As an ODI batsman, Clarke was most at home in the mid-innings passages that linked an often frenetic start with an even more hyperactive finish. As early as his very first match, on a dry Adelaide Oval pitch against England in January 2003, Clarke took on the middle-order role of guiding his team home to a target, and he said it was a position that Ponting had always advocated for him. Though he did occasionally open the innings, Clarke at times looked out of place alongside more powerful players, as he relied more on deft placement and footwork.

"If it was about me I think I would have batted at No. 3 a hell of a lot more than I have throughout my career," Clarke said of his role. "But I think Ricky told me at a very young age he thought I was best suited to the middle order in the one-day game especially, to go and face spin bowling and make sure I bat through those middle overs to help our power game at the end. I've continued on in the same way. The other night and in Perth, those opportunities being one down in the 30th over, I thought it was the right thing for the team to send some power-hitters out in front of me."

While hesitant as ever to put words in the mouths of the selectors with whom he has endured a tense and at times testy relationship over the past four years, Clarke endorsed Smith's maturity as a batsman and an emerging leader for the future of the national team. "Smithy's certainly matured as a player and a person, there's no doubt about it," Clarke said. "His form is because of his hard work, I'm not surprised that he's scoring as many runs as he is because he's training extremely hard.

"He's worked hard on his game, he's learned a lot about his game. It's not fair for me to go into who's going to be the next captain, that's not my place ... Smithy's somebody who will be spoken about ... there's a reason he bats No. 3 for Australia. He's earned that right and he's grabbing that with both hands in the one-day format. If he gets an opportunity to bat No. 3 in Test matches I'm really confident he'll grab that with both hands as well. He's playing a big role in helping us have success. I'd love to see another hundred from him tomorrow."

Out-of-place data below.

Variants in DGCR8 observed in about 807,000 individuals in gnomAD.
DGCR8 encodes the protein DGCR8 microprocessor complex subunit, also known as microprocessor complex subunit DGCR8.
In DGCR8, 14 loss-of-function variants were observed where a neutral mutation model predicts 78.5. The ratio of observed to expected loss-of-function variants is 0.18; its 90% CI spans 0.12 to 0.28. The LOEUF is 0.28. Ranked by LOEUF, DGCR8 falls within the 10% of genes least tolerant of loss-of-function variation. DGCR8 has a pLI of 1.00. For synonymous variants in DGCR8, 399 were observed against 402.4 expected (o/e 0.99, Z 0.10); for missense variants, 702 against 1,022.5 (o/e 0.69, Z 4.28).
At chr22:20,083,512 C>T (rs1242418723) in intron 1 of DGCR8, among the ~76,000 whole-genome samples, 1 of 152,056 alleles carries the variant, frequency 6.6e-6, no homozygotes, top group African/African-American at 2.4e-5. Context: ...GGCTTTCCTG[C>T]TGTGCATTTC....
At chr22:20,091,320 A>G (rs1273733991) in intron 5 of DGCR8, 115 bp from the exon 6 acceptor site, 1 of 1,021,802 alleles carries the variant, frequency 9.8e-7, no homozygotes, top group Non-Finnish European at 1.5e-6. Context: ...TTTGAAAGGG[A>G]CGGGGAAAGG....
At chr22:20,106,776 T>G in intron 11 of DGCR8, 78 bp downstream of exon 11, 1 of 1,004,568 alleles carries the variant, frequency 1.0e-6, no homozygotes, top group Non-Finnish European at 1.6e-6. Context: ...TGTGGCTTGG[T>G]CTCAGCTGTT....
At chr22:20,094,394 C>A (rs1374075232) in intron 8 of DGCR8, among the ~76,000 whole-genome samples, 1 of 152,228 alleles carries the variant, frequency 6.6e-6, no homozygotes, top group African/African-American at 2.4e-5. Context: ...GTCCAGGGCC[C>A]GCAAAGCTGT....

As for Clarke's legacy as a cricketer, much of it may be dictated by whether or not he guides Australia to victory in the Cup final over New Zealand. Having regained the Ashes last summer and also scaled to the top of the international rankings, a World Cup would help complete a successful if eventful tenure. Nevertheless, Clarke felt he would be defined as much by relationships with team-mates as anything he has done on the field, and by his leadership of Australian cricket during the mourning that followed the death of Phillip Hughes last November.

"I think your legacy is dictated by what your team-mates think of you to be honest," he said. "I've shown through my career in any format that I've always put the team first, [but] I think a lot of my legacy will be based around what happened recently off the field with my little brother."